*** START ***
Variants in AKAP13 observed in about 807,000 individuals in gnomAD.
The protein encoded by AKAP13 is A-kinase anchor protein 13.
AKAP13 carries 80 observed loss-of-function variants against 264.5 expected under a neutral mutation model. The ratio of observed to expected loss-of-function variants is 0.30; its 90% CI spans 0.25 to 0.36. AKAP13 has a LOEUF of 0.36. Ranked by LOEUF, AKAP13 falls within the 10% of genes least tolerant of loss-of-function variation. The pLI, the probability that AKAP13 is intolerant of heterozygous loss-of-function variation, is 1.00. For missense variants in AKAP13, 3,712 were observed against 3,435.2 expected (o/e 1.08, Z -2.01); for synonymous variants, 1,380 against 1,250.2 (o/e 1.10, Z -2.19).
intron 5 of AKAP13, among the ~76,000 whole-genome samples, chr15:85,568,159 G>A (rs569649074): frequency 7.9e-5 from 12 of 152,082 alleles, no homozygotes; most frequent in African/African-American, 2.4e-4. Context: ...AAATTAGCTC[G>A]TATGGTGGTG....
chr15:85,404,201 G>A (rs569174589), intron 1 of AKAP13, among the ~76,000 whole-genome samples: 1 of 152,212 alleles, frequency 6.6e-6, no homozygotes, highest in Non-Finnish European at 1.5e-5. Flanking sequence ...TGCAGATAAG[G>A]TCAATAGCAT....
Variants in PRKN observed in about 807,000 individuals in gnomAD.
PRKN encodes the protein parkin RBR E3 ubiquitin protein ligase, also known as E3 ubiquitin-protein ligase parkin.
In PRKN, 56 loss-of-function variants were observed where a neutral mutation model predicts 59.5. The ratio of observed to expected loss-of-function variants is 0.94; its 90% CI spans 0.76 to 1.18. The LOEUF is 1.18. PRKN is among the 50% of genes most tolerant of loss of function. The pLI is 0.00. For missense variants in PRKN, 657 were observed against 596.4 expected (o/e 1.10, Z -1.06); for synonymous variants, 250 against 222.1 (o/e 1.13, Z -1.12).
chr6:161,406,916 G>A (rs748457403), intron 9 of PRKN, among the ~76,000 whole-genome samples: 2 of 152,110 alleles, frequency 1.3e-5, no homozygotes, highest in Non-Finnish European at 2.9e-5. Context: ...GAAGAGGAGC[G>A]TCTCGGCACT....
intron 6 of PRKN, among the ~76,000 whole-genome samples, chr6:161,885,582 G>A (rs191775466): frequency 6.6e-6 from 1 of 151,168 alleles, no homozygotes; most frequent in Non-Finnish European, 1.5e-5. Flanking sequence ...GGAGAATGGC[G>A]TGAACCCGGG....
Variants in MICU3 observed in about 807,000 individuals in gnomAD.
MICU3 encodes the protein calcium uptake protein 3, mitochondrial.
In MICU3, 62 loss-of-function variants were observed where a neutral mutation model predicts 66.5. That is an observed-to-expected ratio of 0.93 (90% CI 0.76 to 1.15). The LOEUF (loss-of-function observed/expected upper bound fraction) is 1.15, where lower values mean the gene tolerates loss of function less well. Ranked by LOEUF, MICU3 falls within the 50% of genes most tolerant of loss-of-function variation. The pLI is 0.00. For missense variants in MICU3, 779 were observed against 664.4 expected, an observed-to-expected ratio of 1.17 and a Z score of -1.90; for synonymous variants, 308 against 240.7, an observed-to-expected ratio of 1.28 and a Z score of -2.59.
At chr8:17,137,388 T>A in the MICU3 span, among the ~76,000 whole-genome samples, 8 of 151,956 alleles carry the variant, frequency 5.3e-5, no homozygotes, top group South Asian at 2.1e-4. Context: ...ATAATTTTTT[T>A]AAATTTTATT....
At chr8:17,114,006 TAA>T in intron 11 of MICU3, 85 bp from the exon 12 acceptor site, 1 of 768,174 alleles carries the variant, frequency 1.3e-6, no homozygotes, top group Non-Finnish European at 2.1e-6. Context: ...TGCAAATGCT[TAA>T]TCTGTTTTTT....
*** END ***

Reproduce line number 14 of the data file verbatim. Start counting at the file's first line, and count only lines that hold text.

At chr8:17,137,388 T>A in the MICU3 span, among the ~76,000 whole-genome samples, 8 of 151,956 alleles carry the variant, frequency 5.3e-5, no homozygotes, top group South Asian at 2.1e-4. Context: ...ATAATTTTTT[T>A]AAATTTTATT....